(CNN) -- Remember the name: Joao Moreira. You may not have heard of him yet, but you soon will. Since arriving at Kranji nearly three years ago, the Brazilian has quickly become Singapore's top jockey.
It's a long way from Sao Paulo, where the 27-year-old struggled when he started his apprenticeship.
"My first six months were really bad because I didn't have any experience," Moreira told CNN. "(My first trainer) gave me a ride on a filly and I didn't really have control of her in the race. He said to me, 'Joao, you should look for another job because you don't have the skill to be riding horses.'
"That broke my heart. But I continued to work for him and when he saw I wasn't going to leave he started giving me advice and really helped me. After that he started giving me more opportunities, including my first Group winner. He was very important in my life and I will always appreciate that."
So what was the advice that his trainer gave him?
"Riding horses is not that difficult, but riding horses in races is really difficult. Not only do you have to have balance and skill, but you are riding against other jockeys," Moreira said.
"You are trying to beat them, but how? You must try to be the smartest one in the race. Really know when to make your move. Study the handicaps to see which horse is going to lead."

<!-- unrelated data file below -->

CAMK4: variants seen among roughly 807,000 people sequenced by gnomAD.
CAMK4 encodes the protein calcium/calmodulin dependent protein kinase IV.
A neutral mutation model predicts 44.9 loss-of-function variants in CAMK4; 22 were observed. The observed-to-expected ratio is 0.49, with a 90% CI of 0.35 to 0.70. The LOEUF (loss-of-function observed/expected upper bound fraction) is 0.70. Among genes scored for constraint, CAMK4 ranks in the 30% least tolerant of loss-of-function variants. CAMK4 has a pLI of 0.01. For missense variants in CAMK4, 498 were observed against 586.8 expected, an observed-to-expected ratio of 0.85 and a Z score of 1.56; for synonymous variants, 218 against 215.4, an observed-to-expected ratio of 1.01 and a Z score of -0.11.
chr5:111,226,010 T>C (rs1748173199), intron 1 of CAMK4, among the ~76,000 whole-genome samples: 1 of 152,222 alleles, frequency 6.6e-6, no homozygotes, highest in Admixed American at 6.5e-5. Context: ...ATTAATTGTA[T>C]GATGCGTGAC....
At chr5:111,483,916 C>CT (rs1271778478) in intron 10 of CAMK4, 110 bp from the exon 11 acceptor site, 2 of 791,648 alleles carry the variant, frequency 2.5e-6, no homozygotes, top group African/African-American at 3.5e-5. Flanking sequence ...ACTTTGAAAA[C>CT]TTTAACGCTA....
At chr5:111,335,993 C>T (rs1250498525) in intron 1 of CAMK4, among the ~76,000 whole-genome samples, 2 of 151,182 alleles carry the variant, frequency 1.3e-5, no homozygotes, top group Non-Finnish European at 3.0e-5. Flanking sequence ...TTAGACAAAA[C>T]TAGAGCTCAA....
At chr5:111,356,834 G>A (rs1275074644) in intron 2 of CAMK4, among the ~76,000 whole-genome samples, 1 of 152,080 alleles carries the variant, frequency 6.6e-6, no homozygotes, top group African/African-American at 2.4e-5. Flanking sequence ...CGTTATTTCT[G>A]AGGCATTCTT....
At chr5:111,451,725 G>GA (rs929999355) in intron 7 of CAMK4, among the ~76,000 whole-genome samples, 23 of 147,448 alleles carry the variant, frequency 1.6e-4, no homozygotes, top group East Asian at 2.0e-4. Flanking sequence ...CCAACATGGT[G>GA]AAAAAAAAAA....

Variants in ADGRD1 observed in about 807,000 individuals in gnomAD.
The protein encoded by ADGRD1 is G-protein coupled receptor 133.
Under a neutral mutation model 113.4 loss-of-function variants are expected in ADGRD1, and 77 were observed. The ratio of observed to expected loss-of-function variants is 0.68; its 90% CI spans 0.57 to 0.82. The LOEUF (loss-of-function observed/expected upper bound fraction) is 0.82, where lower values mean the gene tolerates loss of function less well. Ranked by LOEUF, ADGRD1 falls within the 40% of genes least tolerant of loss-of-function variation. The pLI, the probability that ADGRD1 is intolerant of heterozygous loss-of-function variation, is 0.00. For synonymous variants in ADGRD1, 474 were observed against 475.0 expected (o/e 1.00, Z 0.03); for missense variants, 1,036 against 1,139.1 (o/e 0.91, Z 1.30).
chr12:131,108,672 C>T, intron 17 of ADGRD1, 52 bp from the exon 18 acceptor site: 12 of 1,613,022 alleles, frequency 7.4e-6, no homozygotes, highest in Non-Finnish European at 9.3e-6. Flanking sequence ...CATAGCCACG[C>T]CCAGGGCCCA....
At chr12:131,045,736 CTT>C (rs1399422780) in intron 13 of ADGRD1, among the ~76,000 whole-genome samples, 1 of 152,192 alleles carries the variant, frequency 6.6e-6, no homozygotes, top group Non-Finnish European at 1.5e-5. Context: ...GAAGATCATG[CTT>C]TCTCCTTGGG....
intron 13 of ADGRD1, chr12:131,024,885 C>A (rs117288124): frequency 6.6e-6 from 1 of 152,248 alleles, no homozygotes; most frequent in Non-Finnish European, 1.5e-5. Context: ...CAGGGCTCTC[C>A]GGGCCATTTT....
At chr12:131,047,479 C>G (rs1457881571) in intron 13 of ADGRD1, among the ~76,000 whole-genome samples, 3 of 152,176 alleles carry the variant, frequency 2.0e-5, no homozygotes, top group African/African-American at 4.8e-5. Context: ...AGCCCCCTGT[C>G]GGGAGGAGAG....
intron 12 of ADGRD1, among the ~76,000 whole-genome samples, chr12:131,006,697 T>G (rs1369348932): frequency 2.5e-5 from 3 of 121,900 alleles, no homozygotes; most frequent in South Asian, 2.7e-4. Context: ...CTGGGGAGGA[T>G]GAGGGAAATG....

The advice certainly seems to have done the trick. Moreira recently rode his 100th winner for the second consecutive season. But there is one prize in Singaporean racing that still eludes him: the Gold Cup.
"I haven't had a winner in the Cup yet, so you could say it is my dream. The horse I'm riding (Martial Art) has got a chance so I'm just hoping."
What will be his strategy on Sunday?
"My horse will probably be somewhere in the middle of the field or a little bit further behind," he said.
"I want to be as close as possible to the fence and give my horse every chance. The distance is quite long (2,200 meters) so there's time, but you don't want to get caught wide at the first bend."
Whether or not Moreira captures his first Gold Cup on Sunday, it seems that the jockey already has one eye on his next career move.
He is certainly not short of offers. Australia beckons -- he has already enjoyed success there this season and is a popular figure Down Under, where he is nicknamed "Super Joe." Hong Kong has also been floated as a possible next step.
His fellow jockeys at Kranji are full of praise for the charismatic Brazilian.
"This guy has got a bright future," says veteran rider V. Sivan. "He's young, talented and he's gifted. Singapore is a good first step for him."
Moreira is keeping his options open: "Nobody knows yet, not even myself!"